In This Article Expand or collapse the "in this article" section Television Comedy

  • Introduction
  • General Overviews
  • Comedy Theory
  • The Domestic Family Sitcom (“Domesticom”)
  • Sitcom Case Studies
  • Sketch, Variety, and Late-Night
  • Governmental Politics
  • Gender and Feminism
  • Race and Ethnicity
  • LGBTQ Representations
  • National Identity
  • Social Class
  • Television Comedy Industries
  • Television Comedy Audiences

Cinema and Media Studies Television Comedy
Jonathan Gray, Nick Marx
  • LAST REVIEWED: 14 March 2024
  • LAST MODIFIED: 26 August 2013
  • DOI: 10.1093/obo/9780199791286-0186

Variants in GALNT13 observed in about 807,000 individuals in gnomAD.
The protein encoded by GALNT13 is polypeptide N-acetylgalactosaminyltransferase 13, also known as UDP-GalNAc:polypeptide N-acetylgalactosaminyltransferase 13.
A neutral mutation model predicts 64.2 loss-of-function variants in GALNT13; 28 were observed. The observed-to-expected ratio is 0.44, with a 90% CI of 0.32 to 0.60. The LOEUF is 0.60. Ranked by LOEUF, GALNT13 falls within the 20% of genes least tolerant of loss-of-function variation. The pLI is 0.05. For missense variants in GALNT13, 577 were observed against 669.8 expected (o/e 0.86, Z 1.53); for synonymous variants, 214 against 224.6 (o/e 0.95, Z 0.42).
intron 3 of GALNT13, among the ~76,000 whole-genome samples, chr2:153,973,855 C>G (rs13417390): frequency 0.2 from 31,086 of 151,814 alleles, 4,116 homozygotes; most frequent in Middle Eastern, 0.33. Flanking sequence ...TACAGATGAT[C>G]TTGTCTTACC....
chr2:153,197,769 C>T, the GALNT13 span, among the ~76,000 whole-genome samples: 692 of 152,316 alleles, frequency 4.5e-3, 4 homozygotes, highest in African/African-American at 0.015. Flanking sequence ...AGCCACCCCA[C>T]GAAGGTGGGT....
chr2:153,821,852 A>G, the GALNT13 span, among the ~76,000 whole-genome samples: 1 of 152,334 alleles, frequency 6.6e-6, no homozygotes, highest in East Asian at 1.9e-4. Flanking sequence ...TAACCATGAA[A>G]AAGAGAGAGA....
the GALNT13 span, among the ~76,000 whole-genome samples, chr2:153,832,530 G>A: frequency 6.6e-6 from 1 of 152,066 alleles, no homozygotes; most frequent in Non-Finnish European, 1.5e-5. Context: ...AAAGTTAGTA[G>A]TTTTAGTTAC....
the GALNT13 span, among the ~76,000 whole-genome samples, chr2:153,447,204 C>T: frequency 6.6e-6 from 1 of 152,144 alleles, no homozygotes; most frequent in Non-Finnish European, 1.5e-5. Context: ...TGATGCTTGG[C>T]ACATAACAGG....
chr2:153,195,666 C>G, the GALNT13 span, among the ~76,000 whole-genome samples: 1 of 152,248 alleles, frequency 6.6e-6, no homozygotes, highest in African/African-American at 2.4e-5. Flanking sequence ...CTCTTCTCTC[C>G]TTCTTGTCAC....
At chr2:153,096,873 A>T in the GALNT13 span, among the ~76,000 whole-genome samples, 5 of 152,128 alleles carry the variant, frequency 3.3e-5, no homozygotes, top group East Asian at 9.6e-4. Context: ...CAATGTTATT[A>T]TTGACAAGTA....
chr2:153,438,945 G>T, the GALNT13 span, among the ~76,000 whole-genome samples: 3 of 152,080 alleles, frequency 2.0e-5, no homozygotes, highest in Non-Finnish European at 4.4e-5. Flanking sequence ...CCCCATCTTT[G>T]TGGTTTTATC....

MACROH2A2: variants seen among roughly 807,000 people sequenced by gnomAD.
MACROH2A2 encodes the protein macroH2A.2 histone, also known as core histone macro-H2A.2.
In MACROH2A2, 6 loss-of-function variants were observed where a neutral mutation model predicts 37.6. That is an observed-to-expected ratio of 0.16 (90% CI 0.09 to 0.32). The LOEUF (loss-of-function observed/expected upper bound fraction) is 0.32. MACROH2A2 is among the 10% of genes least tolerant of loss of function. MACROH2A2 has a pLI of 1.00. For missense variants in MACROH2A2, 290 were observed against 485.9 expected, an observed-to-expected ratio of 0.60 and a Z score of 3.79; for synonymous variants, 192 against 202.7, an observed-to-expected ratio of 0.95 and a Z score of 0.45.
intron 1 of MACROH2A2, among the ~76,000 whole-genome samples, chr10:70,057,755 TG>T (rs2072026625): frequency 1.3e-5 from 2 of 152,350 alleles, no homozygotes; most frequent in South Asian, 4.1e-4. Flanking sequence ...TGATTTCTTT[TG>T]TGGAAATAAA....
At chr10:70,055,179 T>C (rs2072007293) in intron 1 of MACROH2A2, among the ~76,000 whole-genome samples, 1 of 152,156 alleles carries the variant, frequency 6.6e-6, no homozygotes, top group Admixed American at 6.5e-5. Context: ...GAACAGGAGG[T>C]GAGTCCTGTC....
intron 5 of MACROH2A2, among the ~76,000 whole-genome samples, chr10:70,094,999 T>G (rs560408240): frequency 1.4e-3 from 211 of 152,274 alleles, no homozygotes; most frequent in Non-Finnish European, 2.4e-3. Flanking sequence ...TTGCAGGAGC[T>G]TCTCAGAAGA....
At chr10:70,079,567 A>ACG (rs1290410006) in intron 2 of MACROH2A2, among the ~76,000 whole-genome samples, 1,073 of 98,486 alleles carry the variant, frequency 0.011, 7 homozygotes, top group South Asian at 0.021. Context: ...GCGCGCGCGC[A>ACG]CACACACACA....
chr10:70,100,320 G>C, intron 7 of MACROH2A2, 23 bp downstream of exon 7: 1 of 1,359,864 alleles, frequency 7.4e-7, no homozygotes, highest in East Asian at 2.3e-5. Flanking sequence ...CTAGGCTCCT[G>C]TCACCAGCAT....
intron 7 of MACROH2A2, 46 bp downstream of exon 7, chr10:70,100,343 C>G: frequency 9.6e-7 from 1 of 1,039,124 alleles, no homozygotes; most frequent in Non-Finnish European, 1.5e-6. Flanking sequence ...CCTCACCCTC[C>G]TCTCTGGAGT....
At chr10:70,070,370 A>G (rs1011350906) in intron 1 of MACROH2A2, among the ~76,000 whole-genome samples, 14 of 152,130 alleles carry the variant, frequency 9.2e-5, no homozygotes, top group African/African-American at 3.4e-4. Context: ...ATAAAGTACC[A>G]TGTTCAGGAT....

Few genres have commanded as much popular attention, discussion, and ratings success throughout television’s history as has comedy. Few performers, too, have been as well loved as those who make us laugh on a regular basis, and the affective relationships created between viewers and comedians can prove remarkably strong. If television studies as a whole aims to connect texts, production cultures, and audiences with the politics, meanings, and social roles of television, comedy presents itself as an especially relevant and important site for such examination to take place. Yet comedy is an especially hard genre to grasp analytically: comedy can work in the service of the status quo, or it can transgress cultural norms and give voice to scathing critique. It can often vacillate between such poles, even within the same episode. Its mode of address is markedly different from that of many non-comic programs. Hence, while inviting considerable attention from scholars, comedy has also at times required a different analytical toolkit. Comedy often takes the form of the situation comedy (or “sitcom”), with a set, limited cast, with the humor stemming from a given situation (oddball workplace, poor boy moves in with rich family, comfortable nuclear family, man with talking horse, etc.). But variety, satirical “fake news”–style programs, animation, and sketch shows have all proven popular at various points in the medium’s history too. Befitting their popularity globally, a great deal of work has focused on American comedies, with less on British comedies, and substantially less on other national productions. Comedy’s representations of norms and difference—and hence of gender, race, ethnicity, sexuality, national identity, and class—feature especially prominently in the literature, as do attempts to make sense of a show’s politics and broader commentary on society. And while the most common method used to make sense of comedy is textual analysis, production and audience analyses have also been used profitably.